Following on from the critical acclaim of his previous feature Clouds of Sils Maria, the French writer and director Olivier Assayas reunites with actress Kristen Stewart for psychological thriller Personal Shopper. Set in Paris’ fashion underworld, Maureen Cartwright (Stewart) scoots around the city in her Vespa, picking up glamorous items of clothing and jewellery for Kyra (Nora von Waldstätten), her materialistic model client. She is also a medium, grieving the recent sudden death of her twin brother and awaiting a sign from beyond the grave.
There is a strange tone to the narrative as supernatural horror elements are implemented within a film that does not comply with the style of the genre. The story is very much driven by its central character rather than the plot, and as a character study, it definitely works. Assayas’ directorial male gaze stalks tomboyish Maureen as she explores her forbidden desires, swapping baggy jumpers and cons to try on the most luxurious of outfits. These scenes are quietly alluring but as a heavy-handed hotchpotch modern ghost story takes hold of the film around halfway through, things become rather tedious. One particularly dull sequence is almost painful to watch as Maureen receives a series of teasing text messages from a mystery sender, and they knock cryptic one-liners back and forth for what seemed like an eternity.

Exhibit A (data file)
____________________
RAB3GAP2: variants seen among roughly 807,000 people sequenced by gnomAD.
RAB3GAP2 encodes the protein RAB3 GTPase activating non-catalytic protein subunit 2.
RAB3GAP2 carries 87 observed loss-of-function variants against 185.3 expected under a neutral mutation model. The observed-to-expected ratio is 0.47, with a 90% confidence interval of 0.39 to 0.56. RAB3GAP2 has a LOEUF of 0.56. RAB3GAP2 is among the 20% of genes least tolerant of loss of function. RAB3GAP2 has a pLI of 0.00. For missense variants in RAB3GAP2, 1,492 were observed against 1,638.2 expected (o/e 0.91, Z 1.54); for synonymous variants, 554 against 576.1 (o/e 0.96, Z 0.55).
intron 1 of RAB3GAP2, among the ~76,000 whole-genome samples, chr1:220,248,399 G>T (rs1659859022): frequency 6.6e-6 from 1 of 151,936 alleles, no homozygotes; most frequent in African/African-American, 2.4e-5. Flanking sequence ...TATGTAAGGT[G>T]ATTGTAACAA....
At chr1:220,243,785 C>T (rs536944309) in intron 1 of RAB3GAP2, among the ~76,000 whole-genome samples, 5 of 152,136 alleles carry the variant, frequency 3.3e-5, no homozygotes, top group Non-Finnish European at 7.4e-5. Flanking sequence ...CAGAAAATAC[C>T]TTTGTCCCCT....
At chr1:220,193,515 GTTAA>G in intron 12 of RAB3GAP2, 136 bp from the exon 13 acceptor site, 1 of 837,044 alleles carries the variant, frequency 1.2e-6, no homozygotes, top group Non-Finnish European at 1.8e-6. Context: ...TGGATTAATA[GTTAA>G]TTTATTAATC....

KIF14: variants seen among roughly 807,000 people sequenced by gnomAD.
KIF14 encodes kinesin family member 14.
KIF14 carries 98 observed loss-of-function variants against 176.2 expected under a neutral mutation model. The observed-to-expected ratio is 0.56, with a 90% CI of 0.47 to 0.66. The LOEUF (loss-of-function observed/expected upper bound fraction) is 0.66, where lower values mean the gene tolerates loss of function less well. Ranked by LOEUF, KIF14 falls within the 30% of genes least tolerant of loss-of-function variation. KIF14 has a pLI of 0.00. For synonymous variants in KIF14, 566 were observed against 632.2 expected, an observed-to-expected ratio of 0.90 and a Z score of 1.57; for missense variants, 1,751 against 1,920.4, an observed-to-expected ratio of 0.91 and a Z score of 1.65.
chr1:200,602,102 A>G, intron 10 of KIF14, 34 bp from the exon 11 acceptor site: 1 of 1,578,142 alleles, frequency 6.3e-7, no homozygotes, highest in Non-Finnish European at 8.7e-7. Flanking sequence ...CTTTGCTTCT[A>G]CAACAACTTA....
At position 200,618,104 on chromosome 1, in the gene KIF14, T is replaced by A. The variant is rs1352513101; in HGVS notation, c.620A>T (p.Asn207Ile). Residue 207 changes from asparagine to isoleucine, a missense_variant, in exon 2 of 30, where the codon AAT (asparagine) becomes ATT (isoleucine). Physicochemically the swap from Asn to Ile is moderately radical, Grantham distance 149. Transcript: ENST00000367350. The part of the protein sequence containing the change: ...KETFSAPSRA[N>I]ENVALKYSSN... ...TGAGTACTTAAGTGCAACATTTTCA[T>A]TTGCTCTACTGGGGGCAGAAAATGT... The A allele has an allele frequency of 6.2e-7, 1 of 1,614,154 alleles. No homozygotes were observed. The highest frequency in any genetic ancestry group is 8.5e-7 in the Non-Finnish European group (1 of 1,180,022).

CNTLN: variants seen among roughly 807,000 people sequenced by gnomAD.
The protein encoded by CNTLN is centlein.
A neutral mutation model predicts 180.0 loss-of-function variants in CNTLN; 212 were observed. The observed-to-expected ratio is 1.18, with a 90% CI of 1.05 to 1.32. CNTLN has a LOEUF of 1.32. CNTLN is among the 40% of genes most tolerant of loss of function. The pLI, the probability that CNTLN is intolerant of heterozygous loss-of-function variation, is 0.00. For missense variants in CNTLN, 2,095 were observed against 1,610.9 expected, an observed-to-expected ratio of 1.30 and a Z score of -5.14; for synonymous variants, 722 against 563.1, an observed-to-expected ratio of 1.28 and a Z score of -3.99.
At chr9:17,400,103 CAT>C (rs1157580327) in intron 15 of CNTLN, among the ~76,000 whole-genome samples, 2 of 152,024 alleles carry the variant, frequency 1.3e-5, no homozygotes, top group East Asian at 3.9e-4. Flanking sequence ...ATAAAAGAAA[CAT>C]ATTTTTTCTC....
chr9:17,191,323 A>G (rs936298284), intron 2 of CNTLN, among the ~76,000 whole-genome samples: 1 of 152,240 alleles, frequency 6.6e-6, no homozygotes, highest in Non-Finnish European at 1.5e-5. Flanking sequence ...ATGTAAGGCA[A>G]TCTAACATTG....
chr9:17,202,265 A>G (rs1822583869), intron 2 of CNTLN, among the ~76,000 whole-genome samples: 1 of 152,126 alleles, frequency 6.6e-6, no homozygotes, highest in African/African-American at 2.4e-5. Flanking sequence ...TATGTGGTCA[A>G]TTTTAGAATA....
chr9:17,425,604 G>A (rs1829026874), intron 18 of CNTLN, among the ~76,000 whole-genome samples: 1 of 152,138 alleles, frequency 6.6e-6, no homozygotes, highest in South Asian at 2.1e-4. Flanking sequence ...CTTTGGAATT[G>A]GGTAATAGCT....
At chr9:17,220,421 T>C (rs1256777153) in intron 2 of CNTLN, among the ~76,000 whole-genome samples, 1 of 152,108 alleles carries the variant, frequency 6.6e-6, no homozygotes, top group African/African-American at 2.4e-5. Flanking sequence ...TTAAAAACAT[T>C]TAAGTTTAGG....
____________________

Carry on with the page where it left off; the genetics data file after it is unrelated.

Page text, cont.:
Kristen Stewart is well cast in the role of loner Maureen, and gives an interesting performance that shifts and adjusts throughout. She captures a sense of discomfort and fragility as Maureen struggles to move out of a state of mourning, but also carries a coldly businesswomen-like professionalism when working in a job she doesn’t seem suited for or enjoy. Her screen presence is hypnotic in the personal shopper scenes, and I feel as though I could watch her flick through garment rails for hours.
Personal Shopper has a fascinating character study at its abnormal heart, but traps Maureen in a tiresome non-thriller of a tale. It succeeds in giving another showcase to the talent of Kristen Stewart, who moves from strength to strength in what could be described as the anti-twilight of her career, but the paranormal activity is amateurish and mishandled. Olivier Assayas’ filmic foray into the fashion industry looks magnificent in the window display, but in reality its ill-fitting and falls apart in the wash.
See the trailer: